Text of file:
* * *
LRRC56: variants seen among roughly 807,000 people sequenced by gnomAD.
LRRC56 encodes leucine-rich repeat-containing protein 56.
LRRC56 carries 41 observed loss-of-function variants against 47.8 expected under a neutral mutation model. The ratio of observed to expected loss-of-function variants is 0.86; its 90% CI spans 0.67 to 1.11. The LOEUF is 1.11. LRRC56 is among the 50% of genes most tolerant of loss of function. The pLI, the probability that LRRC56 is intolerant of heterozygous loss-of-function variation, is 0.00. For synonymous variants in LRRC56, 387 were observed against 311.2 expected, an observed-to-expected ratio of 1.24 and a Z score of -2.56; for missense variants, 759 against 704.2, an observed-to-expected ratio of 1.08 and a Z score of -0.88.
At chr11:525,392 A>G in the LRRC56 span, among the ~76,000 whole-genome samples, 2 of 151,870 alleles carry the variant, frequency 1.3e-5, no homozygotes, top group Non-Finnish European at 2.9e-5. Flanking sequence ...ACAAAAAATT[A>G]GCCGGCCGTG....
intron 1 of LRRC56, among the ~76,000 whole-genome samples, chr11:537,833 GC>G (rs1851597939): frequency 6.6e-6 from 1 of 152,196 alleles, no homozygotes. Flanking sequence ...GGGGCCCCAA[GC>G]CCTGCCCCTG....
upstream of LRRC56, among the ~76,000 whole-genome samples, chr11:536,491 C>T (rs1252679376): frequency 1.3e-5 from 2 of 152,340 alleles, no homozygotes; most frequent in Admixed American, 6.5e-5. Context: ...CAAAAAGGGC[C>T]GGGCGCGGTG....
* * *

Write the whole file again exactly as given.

LRRC56: variants seen among roughly 807,000 people sequenced by gnomAD.
LRRC56 encodes leucine-rich repeat-containing protein 56.
LRRC56 carries 41 observed loss-of-function variants against 47.8 expected under a neutral mutation model. The ratio of observed to expected loss-of-function variants is 0.86; its 90% CI spans 0.67 to 1.11. The LOEUF is 1.11. LRRC56 is among the 50% of genes most tolerant of loss of function. The pLI, the probability that LRRC56 is intolerant of heterozygous loss-of-function variation, is 0.00. For synonymous variants in LRRC56, 387 were observed against 311.2 expected, an observed-to-expected ratio of 1.24 and a Z score of -2.56; for missense variants, 759 against 704.2, an observed-to-expected ratio of 1.08 and a Z score of -0.88.
At chr11:525,392 A>G in the LRRC56 span, among the ~76,000 whole-genome samples, 2 of 151,870 alleles carry the variant, frequency 1.3e-5, no homozygotes, top group Non-Finnish European at 2.9e-5. Flanking sequence ...ACAAAAAATT[A>G]GCCGGCCGTG....
intron 1 of LRRC56, among the ~76,000 whole-genome samples, chr11:537,833 GC>G (rs1851597939): frequency 6.6e-6 from 1 of 152,196 alleles, no homozygotes. Flanking sequence ...GGGGCCCCAA[GC>G]CCTGCCCCTG....
upstream of LRRC56, among the ~76,000 whole-genome samples, chr11:536,491 C>T (rs1252679376): frequency 1.3e-5 from 2 of 152,340 alleles, no homozygotes; most frequent in Admixed American, 6.5e-5. Context: ...CAAAAAGGGC[C>T]GGGCGCGGTG....